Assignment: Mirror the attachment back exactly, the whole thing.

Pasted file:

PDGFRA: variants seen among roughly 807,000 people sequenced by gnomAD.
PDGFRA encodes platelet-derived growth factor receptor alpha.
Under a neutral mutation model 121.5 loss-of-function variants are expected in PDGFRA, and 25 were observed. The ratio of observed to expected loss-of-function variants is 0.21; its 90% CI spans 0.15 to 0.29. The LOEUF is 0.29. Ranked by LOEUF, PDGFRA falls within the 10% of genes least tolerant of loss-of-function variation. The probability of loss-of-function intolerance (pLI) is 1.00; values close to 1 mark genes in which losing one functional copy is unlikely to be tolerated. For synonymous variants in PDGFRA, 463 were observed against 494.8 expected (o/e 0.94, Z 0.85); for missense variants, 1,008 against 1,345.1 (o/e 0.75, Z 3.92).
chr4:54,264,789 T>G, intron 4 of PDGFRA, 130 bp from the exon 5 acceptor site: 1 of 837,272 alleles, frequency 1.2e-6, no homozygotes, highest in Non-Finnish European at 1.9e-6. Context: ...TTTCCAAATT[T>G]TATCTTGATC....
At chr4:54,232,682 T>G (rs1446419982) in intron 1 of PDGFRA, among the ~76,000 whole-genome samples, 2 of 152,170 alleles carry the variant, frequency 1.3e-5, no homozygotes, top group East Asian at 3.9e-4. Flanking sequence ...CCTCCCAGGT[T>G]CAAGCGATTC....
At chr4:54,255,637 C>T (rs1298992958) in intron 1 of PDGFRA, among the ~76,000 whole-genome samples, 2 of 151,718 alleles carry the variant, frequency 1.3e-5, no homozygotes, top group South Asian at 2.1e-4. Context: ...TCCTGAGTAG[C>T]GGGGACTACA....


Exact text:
PDGFRA: variants seen among roughly 807,000 people sequenced by gnomAD.
PDGFRA encodes platelet-derived growth factor receptor alpha.
Under a neutral mutation model 121.5 loss-of-function variants are expected in PDGFRA, and 25 were observed. The ratio of observed to expected loss-of-function variants is 0.21; its 90% CI spans 0.15 to 0.29. The LOEUF is 0.29. Ranked by LOEUF, PDGFRA falls within the 10% of genes least tolerant of loss-of-function variation. The probability of loss-of-function intolerance (pLI) is 1.00; values close to 1 mark genes in which losing one functional copy is unlikely to be tolerated. For synonymous variants in PDGFRA, 463 were observed against 494.8 expected (o/e 0.94, Z 0.85); for missense variants, 1,008 against 1,345.1 (o/e 0.75, Z 3.92).
chr4:54,264,789 T>G, intron 4 of PDGFRA, 130 bp from the exon 5 acceptor site: 1 of 837,272 alleles, frequency 1.2e-6, no homozygotes, highest in Non-Finnish European at 1.9e-6. Context: ...TTTCCAAATT[T>G]TATCTTGATC....
At chr4:54,232,682 T>G (rs1446419982) in intron 1 of PDGFRA, among the ~76,000 whole-genome samples, 2 of 152,170 alleles carry the variant, frequency 1.3e-5, no homozygotes, top group East Asian at 3.9e-4. Flanking sequence ...CCTCCCAGGT[T>G]CAAGCGATTC....
At chr4:54,255,637 C>T (rs1298992958) in intron 1 of PDGFRA, among the ~76,000 whole-genome samples, 2 of 151,718 alleles carry the variant, frequency 1.3e-5, no homozygotes, top group South Asian at 2.1e-4. Context: ...TCCTGAGTAG[C>T]GGGGACTACA....